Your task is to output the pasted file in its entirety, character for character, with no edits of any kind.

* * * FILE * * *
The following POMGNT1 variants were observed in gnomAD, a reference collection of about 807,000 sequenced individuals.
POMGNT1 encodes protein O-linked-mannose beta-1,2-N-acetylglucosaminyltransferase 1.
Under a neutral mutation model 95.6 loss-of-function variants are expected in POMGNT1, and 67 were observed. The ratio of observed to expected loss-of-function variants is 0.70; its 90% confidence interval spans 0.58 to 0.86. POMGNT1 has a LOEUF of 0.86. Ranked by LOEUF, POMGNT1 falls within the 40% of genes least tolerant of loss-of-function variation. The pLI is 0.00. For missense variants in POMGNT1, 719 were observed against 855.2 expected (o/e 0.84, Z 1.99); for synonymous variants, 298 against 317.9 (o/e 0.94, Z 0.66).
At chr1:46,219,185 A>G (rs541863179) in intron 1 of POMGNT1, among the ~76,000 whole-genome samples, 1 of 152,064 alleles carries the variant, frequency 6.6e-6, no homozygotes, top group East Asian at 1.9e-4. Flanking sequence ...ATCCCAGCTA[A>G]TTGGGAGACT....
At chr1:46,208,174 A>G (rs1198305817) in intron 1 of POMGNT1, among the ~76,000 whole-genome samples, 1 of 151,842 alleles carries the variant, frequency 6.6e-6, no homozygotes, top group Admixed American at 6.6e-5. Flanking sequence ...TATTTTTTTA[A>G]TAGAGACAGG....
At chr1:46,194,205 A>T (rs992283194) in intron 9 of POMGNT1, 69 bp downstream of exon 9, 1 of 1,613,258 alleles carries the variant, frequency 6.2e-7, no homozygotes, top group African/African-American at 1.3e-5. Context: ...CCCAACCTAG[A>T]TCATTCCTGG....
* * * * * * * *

The following POMGNT1 variants were observed in gnomAD, a reference collection of about 807,000 sequenced individuals.
POMGNT1 encodes protein O-linked-mannose beta-1,2-N-acetylglucosaminyltransferase 1.
Under a neutral mutation model 95.6 loss-of-function variants are expected in POMGNT1, and 67 were observed. The ratio of observed to expected loss-of-function variants is 0.70; its 90% confidence interval spans 0.58 to 0.86. POMGNT1 has a LOEUF of 0.86. Ranked by LOEUF, POMGNT1 falls within the 40% of genes least tolerant of loss-of-function variation. The pLI is 0.00. For missense variants in POMGNT1, 719 were observed against 855.2 expected (o/e 0.84, Z 1.99); for synonymous variants, 298 against 317.9 (o/e 0.94, Z 0.66).
At chr1:46,219,185 A>G (rs541863179) in intron 1 of POMGNT1, among the ~76,000 whole-genome samples, 1 of 152,064 alleles carries the variant, frequency 6.6e-6, no homozygotes, top group East Asian at 1.9e-4. Flanking sequence ...ATCCCAGCTA[A>G]TTGGGAGACT....
At chr1:46,208,174 A>G (rs1198305817) in intron 1 of POMGNT1, among the ~76,000 whole-genome samples, 1 of 151,842 alleles carries the variant, frequency 6.6e-6, no homozygotes, top group Admixed American at 6.6e-5. Flanking sequence ...TATTTTTTTA[A>G]TAGAGACAGG....
At chr1:46,194,205 A>T (rs992283194) in intron 9 of POMGNT1, 69 bp downstream of exon 9, 1 of 1,613,258 alleles carries the variant, frequency 6.2e-7, no homozygotes, top group African/African-American at 1.3e-5. Context: ...CCCAACCTAG[A>T]TCATTCCTGG....